Wednesday, December 7, 2011

Business Historians on the U.S. Postal Service

Over at Publick Occurrences, the Common-Place blog, Joseph M. Adelman has written the first two in what he promises will be a series of posts on the history and current problems of the U.S. Postal Service. The first comments on “The Decline and Fall of the U.S. Postal Service,” and the second considers “The Post Office as a State-Business Hybrid.”
   Adelman (Ph.D., Johns Hopkins University, 2010) is currently a postdoctoral fellow in the Program in Early American Economy and Society at the Library Company of Philadelphia, where he is working on a book project tentatively titled “Revolutionary Networks: The Business of Printing and the Production of American Politics, 1763-1789,” a systematic study of the communications infrastructure that framed political debate during the American Revolution. From February to July 2012, he will be an NEH Fellow at the American Antiquarian Society.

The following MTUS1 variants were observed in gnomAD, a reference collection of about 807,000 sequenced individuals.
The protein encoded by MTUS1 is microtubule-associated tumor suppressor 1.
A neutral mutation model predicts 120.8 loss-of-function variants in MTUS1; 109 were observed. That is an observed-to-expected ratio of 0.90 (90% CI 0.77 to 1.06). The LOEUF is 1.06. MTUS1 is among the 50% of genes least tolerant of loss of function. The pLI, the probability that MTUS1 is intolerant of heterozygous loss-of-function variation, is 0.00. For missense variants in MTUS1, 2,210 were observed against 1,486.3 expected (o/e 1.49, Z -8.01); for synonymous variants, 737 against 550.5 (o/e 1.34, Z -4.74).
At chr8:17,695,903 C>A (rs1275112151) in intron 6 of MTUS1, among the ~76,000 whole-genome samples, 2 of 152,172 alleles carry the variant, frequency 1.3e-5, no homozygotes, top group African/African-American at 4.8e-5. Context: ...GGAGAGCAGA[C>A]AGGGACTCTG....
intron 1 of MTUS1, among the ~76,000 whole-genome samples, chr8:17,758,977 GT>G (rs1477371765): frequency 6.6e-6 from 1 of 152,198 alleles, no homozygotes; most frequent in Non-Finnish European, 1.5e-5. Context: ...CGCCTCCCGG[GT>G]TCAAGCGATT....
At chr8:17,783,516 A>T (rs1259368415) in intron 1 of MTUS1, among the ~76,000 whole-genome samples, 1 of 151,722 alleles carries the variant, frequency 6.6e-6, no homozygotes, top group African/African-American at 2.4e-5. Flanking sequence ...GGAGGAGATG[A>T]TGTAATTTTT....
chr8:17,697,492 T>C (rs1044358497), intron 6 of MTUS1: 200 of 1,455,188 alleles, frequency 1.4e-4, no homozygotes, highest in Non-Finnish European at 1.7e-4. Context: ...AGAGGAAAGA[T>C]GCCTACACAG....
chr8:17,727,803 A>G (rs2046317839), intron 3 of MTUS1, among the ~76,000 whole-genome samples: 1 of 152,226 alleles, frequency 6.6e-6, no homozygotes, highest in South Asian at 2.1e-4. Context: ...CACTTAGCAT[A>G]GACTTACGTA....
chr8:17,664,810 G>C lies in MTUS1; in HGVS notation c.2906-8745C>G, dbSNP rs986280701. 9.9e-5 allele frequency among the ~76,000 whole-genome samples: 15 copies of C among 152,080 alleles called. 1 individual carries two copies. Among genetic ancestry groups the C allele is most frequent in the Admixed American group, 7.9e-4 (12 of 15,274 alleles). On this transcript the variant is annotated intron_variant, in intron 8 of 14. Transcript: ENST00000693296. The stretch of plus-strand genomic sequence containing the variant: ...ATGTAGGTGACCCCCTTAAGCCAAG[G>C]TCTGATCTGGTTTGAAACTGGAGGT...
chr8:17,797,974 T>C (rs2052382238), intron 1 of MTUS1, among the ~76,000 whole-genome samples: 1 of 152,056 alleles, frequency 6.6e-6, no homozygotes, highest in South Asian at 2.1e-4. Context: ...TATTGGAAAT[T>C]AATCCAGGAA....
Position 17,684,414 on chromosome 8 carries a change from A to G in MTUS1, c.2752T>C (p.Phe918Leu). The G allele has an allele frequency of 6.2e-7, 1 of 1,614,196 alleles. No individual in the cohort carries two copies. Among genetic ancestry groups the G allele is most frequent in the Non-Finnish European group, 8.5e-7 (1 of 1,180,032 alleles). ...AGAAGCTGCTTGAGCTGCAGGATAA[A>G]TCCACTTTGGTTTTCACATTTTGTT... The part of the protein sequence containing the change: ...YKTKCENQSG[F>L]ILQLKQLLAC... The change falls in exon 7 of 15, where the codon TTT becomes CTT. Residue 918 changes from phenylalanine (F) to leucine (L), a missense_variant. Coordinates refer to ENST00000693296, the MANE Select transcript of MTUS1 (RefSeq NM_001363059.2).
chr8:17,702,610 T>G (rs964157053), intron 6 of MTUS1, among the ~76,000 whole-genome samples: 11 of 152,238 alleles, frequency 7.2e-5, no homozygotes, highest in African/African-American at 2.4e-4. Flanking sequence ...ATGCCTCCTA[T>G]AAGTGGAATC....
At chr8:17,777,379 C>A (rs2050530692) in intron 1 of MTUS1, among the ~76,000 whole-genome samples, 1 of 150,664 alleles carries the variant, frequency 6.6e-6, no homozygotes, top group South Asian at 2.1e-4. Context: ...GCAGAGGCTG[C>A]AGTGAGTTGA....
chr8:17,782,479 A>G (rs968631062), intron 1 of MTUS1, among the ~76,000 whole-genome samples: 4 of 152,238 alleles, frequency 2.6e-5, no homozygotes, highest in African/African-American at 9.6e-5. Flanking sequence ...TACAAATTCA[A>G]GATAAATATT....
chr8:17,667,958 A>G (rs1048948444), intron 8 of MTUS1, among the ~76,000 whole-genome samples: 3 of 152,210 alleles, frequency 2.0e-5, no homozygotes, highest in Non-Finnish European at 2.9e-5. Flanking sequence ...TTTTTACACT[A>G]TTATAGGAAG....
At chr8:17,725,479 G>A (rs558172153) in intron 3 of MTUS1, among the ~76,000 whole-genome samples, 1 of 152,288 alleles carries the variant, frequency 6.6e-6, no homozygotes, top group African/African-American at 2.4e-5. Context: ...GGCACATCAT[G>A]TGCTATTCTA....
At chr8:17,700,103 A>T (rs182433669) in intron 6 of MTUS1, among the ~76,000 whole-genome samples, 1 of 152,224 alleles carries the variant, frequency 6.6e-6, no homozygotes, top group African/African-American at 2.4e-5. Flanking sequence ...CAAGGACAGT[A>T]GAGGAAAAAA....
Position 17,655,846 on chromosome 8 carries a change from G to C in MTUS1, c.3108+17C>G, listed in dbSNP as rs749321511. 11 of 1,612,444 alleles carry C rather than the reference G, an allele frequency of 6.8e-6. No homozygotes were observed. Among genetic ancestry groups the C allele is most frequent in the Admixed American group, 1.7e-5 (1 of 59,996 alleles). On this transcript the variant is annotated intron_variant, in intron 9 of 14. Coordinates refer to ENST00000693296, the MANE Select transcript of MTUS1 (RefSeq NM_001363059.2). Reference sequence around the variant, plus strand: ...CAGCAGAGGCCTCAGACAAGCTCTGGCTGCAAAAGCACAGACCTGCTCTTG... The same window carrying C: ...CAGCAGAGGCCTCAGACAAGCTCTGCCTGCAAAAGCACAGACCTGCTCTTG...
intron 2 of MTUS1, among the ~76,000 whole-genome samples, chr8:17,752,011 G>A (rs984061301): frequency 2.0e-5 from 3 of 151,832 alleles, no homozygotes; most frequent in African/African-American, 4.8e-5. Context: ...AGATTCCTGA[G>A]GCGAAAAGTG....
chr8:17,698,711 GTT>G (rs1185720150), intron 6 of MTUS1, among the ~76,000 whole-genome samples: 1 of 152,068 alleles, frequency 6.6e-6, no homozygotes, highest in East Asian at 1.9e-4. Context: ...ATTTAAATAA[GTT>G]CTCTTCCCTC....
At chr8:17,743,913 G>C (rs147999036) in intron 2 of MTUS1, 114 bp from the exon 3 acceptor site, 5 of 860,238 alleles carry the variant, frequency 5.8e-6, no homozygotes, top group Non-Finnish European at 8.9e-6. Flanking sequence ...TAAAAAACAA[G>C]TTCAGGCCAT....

His article, “‘A Constitutional Conveyance of Intelligence, Public and Private’: The Post Office, the Business of Printing, and the American Revolution,” which appears in Enterprise & Society 11, no. 4 (2010), has been awarded the 2011 Rita Lloyd Moroney Junior Prize for Scholarship in Postal History from the U.S. Postal Service.
   In his initial post office-related blog post, Adelman provides a useful link to the text of a study that Richard R. John did  for the Postal Regulatory Commission in 2008, History of Universal Service and the Postal Monopoly.